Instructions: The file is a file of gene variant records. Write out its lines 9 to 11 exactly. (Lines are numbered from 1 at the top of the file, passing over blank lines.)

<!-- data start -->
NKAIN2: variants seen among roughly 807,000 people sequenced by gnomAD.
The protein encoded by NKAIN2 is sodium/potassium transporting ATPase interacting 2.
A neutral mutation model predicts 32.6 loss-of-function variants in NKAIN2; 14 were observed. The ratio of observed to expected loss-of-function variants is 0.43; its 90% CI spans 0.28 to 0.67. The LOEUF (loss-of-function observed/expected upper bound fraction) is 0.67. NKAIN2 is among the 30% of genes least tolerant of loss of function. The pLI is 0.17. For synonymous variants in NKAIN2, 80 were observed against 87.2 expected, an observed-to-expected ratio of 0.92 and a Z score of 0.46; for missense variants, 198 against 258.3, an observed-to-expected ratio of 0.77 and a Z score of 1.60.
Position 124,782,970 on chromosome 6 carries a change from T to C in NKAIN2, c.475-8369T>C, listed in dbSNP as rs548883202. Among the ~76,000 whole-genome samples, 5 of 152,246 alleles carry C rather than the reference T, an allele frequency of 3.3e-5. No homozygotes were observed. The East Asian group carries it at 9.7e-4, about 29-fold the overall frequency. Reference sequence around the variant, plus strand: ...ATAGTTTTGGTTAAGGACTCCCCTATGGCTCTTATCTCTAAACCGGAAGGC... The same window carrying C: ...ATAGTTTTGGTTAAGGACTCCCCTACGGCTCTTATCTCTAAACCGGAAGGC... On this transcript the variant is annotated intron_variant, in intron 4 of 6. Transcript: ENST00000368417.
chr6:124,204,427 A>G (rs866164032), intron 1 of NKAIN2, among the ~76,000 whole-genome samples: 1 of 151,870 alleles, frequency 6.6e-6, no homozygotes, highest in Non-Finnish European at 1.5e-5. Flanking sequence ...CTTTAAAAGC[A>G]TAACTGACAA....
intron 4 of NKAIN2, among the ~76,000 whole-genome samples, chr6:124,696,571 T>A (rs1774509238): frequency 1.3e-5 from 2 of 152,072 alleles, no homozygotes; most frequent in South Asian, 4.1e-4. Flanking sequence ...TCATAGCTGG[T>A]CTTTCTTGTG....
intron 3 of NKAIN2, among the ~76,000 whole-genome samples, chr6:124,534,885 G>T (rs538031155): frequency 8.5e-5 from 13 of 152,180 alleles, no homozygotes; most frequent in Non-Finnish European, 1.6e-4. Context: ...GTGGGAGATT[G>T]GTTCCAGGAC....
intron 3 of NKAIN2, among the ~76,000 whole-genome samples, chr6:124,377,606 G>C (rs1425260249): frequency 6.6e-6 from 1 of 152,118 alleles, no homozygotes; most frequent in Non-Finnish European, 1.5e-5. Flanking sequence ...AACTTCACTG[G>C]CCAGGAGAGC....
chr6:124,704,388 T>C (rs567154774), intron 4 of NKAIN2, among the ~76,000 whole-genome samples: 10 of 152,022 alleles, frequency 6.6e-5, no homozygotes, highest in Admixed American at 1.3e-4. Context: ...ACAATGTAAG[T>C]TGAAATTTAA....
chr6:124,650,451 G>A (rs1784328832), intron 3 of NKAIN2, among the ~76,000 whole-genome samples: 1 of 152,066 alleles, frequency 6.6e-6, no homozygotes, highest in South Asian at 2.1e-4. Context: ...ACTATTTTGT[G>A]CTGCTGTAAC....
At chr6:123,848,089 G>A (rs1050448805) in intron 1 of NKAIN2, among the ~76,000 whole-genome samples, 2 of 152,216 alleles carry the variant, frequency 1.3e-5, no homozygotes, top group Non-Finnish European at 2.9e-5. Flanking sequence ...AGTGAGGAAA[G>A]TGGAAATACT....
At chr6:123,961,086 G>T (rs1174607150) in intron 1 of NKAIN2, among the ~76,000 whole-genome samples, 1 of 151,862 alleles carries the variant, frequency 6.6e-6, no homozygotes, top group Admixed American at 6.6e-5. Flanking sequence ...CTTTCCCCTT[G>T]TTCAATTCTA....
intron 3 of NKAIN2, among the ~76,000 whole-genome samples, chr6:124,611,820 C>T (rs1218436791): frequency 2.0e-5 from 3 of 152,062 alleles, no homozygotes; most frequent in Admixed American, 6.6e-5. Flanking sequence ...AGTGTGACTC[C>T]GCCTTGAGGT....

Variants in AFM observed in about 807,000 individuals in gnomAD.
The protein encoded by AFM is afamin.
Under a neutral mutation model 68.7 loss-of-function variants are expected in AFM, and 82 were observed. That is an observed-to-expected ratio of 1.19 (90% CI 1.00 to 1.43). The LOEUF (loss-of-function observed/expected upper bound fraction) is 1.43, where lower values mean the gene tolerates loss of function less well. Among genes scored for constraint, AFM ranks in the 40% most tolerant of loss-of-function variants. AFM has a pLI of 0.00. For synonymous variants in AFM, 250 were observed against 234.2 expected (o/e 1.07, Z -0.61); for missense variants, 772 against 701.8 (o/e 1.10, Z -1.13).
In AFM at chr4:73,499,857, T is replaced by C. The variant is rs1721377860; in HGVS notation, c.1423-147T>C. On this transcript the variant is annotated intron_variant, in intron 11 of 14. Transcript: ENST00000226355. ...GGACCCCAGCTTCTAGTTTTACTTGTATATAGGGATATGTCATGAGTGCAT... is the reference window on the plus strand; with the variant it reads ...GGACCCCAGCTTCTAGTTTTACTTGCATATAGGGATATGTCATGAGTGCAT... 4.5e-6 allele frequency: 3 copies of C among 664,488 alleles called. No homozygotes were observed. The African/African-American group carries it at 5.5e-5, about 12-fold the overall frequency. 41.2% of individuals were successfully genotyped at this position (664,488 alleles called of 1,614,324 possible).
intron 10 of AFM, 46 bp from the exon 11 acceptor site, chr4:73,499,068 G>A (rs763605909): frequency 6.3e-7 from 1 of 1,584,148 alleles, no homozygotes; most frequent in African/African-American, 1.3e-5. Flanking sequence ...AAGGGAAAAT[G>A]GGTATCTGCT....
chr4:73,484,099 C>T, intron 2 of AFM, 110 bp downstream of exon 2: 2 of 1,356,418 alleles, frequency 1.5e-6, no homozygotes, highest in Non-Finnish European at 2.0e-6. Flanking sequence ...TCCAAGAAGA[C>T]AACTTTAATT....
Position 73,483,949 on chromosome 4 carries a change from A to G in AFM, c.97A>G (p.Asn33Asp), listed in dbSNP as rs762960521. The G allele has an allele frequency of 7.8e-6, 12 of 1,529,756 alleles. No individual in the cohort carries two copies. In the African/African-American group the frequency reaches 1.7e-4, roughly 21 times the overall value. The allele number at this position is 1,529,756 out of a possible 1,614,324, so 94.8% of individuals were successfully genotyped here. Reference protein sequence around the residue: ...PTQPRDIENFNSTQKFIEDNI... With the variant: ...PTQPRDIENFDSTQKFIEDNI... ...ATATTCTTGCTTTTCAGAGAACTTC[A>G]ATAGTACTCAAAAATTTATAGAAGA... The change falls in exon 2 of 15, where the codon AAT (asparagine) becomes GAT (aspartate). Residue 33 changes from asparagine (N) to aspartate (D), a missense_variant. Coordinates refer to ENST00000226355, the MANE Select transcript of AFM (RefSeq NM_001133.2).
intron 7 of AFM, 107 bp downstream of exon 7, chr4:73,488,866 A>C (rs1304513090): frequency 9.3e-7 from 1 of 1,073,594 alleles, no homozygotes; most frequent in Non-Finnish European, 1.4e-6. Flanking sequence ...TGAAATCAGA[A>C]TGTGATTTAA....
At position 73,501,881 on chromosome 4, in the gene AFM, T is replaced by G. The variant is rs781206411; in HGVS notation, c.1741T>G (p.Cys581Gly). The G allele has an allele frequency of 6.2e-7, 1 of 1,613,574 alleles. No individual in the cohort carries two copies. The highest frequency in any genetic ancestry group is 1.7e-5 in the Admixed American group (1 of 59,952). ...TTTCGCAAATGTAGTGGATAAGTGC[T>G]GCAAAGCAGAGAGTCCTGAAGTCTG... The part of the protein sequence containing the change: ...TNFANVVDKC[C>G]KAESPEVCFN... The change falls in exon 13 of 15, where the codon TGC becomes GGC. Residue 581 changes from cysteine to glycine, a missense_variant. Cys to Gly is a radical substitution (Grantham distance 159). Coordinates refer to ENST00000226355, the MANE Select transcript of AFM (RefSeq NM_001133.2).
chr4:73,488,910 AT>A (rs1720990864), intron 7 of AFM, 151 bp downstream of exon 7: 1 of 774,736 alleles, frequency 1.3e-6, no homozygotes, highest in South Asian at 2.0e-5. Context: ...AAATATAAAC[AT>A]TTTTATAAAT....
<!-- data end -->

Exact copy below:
chr6:124,704,388 T>C (rs567154774), intron 4 of NKAIN2, among the ~76,000 whole-genome samples: 10 of 152,022 alleles, frequency 6.6e-5, no homozygotes, highest in Admixed American at 1.3e-4. Context: ...ACAATGTAAG[T>C]TGAAATTTAA....
chr6:124,650,451 G>A (rs1784328832), intron 3 of NKAIN2, among the ~76,000 whole-genome samples: 1 of 152,066 alleles, frequency 6.6e-6, no homozygotes, highest in South Asian at 2.1e-4. Context: ...ACTATTTTGT[G>A]CTGCTGTAAC....
At chr6:123,848,089 G>A (rs1050448805) in intron 1 of NKAIN2, among the ~76,000 whole-genome samples, 2 of 152,216 alleles carry the variant, frequency 1.3e-5, no homozygotes, top group Non-Finnish European at 2.9e-5. Flanking sequence ...AGTGAGGAAA[G>A]TGGAAATACT....